Kentucky Governor Considers Next Steps On Medical Marijuana As Committee Confirms 90% Support Legalization

Kentucky Governor Considers Next Steps On Medical Marijuana As Committee Confirms 90% Support Legalization

Kentucky Gov. Andy Beshear’s office released a report Friday revealing new findings from a medical marijuana advisory committee, which he established in June. As per the report, “Kentuckians want medical cannabis legalized.”

Last June, following the bill’s failure in the Senate, Beshear issued an executive order to appoint 17 experts to the panel that would examine public opinion on medical marijuana (MMJ) legislation. The committee will advise the governor on providing access to MMJ for Kentuckians who deal with a myriad of medical conditions.

Opioids Don’t Help

So far, the committee revealed that Kentuckians who have various chronic conditions are not getting relief with painkillers and opioids and rightly fear addiction. The governor added that research reveals that cannabis overdose is not possible.

Beshear stated in the report that Kentucky residents are traveling to nearby legal states to purchase MMJ and would like to get back home without breaking the law.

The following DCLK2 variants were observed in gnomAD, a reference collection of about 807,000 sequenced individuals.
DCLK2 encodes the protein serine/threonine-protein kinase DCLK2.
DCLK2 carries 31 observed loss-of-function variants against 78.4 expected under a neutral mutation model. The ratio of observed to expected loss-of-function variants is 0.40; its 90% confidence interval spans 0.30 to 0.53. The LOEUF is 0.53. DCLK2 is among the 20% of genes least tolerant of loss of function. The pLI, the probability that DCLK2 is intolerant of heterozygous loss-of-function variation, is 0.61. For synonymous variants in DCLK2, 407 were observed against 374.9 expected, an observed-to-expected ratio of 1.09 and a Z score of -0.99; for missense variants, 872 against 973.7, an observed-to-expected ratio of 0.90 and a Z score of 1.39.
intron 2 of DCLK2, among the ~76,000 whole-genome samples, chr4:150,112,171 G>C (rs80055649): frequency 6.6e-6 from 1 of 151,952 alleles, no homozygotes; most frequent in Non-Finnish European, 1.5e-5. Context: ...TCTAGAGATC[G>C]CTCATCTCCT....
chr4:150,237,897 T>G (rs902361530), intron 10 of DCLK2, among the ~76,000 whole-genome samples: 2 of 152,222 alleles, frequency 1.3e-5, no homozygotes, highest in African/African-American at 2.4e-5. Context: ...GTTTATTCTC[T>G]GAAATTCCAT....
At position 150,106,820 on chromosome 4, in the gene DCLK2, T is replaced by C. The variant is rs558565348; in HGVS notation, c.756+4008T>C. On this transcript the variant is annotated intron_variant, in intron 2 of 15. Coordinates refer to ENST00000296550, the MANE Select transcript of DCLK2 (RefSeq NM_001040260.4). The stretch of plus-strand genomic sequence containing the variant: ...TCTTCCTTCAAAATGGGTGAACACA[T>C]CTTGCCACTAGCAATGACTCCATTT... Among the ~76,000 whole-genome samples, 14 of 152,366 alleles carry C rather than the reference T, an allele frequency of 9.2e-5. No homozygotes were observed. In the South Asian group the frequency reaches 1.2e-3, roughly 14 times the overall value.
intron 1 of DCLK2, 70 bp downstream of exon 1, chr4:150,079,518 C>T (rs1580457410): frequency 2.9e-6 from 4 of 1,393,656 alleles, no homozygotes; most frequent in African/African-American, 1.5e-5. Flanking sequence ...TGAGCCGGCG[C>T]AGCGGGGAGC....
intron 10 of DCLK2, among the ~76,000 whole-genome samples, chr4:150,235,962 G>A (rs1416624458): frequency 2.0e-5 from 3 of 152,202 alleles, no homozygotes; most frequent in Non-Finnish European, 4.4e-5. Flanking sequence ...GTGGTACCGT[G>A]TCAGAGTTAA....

He noted that it has been confirmed that military veterans successfully treat PTSD symptoms with cannabis.

“Polling suggests 90% of Kentucky adults support legalizing medical cannabis. Our team traveled the state to talk directly to Kentuckians, and they found our people do indeed overwhelmingly support it,” Beshear stated. “I appreciate the work of those who participated, and I am taking this information into consideration as I analyze what steps I can take to legalize medical cannabis for those suffering from chronic, debilitating medical conditions.”

Practically No Opposition

Justice and Public Safety secretary Kerry Harvey, the committee co-chair said there was no opposition at town hall meetings when discussing the issue.

“Everyone who spoke supported legalizing medical cannabis in Kentucky,” Harvey said. “We heard from many Kentuckians that use cannabis for its beneficial medical effects but can only do so by breaking the law as it now exists.”

Ray Perry, co-chair of the committee and secretary of the Public Protection Cabinet, stressed that the nation “is dealing with a critical crisis from the overuse of addictive opioids. The people we heard from are looking for pain relief that allows them to live useful, productive lives,” he said. “We heard about family trauma stemming from unresolved pain and addictive painkillers. We also heard the frustration that politics deprives them of legal access to an efficacious treatment available to an overwhelming majority of Americans.”

Beshear's next steps remain unclear, although it's worth noting that in July he talked about the possibility of taking executive action to legalize some form of medical marijuana.

Photo: Courtesy of Paul Einerhand on Unsplash and Wikimedia Commons

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